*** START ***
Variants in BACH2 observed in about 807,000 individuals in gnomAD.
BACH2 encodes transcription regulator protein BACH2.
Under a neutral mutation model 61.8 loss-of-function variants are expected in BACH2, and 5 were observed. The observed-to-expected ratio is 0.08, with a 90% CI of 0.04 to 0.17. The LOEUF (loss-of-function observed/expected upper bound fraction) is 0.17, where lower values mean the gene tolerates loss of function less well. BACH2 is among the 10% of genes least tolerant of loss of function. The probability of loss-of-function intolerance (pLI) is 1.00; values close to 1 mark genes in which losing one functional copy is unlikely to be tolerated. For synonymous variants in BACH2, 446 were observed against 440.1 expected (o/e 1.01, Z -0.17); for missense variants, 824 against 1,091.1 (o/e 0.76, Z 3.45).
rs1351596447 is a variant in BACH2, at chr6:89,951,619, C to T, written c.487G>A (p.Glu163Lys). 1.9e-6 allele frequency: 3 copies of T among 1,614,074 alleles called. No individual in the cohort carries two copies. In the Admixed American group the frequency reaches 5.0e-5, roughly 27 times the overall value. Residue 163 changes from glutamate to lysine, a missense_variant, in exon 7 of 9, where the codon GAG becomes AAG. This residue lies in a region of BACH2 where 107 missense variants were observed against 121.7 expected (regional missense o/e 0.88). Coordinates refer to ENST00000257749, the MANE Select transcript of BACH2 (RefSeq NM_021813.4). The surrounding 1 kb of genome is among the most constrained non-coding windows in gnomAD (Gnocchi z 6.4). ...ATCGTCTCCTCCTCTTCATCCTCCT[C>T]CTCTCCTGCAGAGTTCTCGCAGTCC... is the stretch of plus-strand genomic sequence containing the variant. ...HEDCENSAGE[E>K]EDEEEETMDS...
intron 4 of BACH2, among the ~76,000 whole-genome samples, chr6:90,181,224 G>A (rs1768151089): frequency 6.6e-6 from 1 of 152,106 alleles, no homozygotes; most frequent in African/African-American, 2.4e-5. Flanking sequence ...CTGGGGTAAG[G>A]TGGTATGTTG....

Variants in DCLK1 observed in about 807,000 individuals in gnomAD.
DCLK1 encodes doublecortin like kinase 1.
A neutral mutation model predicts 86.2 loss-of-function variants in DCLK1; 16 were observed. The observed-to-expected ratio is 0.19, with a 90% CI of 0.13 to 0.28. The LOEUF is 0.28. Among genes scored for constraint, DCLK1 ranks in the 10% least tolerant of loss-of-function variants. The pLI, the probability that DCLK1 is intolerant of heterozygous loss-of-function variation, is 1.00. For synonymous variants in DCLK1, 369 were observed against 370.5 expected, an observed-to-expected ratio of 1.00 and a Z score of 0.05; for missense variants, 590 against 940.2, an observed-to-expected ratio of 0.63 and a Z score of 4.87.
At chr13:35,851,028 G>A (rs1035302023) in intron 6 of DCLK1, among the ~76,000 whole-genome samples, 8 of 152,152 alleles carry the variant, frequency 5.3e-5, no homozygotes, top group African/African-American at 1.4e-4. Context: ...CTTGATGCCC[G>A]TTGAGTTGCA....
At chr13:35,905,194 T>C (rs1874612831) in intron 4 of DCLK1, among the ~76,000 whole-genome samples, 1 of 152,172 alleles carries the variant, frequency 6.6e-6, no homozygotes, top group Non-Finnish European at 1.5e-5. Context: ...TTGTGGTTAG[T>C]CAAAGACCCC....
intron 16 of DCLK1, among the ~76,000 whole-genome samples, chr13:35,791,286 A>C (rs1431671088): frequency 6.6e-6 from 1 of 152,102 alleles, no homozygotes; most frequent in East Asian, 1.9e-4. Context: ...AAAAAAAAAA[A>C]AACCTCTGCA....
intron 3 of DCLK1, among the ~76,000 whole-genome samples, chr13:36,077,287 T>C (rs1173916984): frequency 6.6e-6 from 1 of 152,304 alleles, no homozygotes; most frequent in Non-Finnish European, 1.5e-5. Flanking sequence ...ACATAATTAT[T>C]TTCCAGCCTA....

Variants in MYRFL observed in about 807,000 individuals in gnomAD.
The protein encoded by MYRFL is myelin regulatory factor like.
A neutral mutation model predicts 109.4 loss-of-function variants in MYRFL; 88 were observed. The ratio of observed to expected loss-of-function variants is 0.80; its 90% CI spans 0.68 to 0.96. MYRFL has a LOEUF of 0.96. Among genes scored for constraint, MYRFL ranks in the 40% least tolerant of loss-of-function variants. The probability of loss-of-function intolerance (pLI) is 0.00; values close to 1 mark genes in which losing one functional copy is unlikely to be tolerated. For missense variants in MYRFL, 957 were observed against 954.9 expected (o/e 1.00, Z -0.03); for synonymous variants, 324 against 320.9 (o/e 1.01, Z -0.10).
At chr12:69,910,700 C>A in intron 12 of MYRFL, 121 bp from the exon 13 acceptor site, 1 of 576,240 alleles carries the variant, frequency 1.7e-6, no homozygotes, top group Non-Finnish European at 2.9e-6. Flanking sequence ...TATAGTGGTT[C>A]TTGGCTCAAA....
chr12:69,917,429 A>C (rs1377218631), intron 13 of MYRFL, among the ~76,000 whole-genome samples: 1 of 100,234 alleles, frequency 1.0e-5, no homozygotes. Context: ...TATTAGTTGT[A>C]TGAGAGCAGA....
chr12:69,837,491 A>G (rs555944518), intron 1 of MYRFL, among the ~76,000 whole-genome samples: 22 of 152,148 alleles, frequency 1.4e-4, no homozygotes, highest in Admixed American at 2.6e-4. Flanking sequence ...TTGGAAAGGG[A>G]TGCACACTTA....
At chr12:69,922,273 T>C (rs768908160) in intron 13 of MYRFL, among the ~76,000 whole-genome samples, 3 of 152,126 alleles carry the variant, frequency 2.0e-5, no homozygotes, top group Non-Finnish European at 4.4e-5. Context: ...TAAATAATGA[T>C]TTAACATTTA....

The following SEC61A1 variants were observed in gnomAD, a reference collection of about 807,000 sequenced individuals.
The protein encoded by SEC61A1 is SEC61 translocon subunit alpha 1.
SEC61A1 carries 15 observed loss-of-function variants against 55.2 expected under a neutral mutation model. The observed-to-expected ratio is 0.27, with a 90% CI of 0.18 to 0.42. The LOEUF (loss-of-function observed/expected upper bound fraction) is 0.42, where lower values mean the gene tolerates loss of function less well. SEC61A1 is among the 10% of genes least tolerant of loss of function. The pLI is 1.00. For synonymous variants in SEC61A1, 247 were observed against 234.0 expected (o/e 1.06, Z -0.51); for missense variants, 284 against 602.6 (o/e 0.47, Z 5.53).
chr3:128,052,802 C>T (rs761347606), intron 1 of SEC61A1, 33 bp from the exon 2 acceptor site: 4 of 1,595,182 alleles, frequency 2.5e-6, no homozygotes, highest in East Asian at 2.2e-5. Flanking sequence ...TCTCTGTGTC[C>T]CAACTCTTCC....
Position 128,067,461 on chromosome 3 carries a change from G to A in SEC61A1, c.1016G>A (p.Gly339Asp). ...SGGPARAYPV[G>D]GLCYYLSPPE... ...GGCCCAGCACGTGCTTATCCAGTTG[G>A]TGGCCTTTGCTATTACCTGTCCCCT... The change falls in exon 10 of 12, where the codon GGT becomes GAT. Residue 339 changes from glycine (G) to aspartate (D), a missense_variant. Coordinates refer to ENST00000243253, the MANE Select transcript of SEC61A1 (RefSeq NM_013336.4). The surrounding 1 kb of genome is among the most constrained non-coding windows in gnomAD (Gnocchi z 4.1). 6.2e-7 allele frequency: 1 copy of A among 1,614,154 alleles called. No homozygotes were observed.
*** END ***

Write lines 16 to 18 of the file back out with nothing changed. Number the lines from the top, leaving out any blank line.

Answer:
At chr12:69,910,700 C>A in intron 12 of MYRFL, 121 bp from the exon 13 acceptor site, 1 of 576,240 alleles carries the variant, frequency 1.7e-6, no homozygotes, top group Non-Finnish European at 2.9e-6. Flanking sequence ...TATAGTGGTT[C>A]TTGGCTCAAA....
chr12:69,917,429 A>C (rs1377218631), intron 13 of MYRFL, among the ~76,000 whole-genome samples: 1 of 100,234 alleles, frequency 1.0e-5, no homozygotes. Context: ...TATTAGTTGT[A>C]TGAGAGCAGA....
chr12:69,837,491 A>G (rs555944518), intron 1 of MYRFL, among the ~76,000 whole-genome samples: 22 of 152,148 alleles, frequency 1.4e-4, no homozygotes, highest in Admixed American at 2.6e-4. Flanking sequence ...TTGGAAAGGG[A>G]TGCACACTTA....